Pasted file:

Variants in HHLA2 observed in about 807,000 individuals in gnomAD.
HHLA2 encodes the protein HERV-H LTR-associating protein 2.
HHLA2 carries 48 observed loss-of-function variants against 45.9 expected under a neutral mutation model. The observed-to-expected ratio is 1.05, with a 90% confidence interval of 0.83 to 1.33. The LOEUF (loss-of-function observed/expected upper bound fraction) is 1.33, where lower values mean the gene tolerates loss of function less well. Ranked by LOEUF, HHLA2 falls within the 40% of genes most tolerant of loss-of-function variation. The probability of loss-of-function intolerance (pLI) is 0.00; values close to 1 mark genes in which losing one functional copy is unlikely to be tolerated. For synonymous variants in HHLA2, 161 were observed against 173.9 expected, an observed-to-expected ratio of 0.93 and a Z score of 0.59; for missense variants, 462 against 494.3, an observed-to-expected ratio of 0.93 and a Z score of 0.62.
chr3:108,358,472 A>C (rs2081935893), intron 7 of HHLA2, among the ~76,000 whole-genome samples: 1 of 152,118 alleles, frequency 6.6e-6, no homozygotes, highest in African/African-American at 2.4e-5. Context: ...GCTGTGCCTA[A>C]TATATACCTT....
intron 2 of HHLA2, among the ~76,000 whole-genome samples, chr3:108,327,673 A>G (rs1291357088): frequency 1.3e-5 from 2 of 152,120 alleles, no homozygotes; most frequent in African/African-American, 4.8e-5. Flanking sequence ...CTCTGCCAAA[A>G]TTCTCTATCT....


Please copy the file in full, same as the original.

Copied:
Variants in HHLA2 observed in about 807,000 individuals in gnomAD.
HHLA2 encodes the protein HERV-H LTR-associating protein 2.
HHLA2 carries 48 observed loss-of-function variants against 45.9 expected under a neutral mutation model. The observed-to-expected ratio is 1.05, with a 90% confidence interval of 0.83 to 1.33. The LOEUF (loss-of-function observed/expected upper bound fraction) is 1.33, where lower values mean the gene tolerates loss of function less well. Ranked by LOEUF, HHLA2 falls within the 40% of genes most tolerant of loss-of-function variation. The probability of loss-of-function intolerance (pLI) is 0.00; values close to 1 mark genes in which losing one functional copy is unlikely to be tolerated. For synonymous variants in HHLA2, 161 were observed against 173.9 expected, an observed-to-expected ratio of 0.93 and a Z score of 0.59; for missense variants, 462 against 494.3, an observed-to-expected ratio of 0.93 and a Z score of 0.62.
chr3:108,358,472 A>C (rs2081935893), intron 7 of HHLA2, among the ~76,000 whole-genome samples: 1 of 152,118 alleles, frequency 6.6e-6, no homozygotes, highest in African/African-American at 2.4e-5. Context: ...GCTGTGCCTA[A>C]TATATACCTT....
intron 2 of HHLA2, among the ~76,000 whole-genome samples, chr3:108,327,673 A>G (rs1291357088): frequency 1.3e-5 from 2 of 152,120 alleles, no homozygotes; most frequent in African/African-American, 4.8e-5. Flanking sequence ...CTCTGCCAAA[A>G]TTCTCTATCT....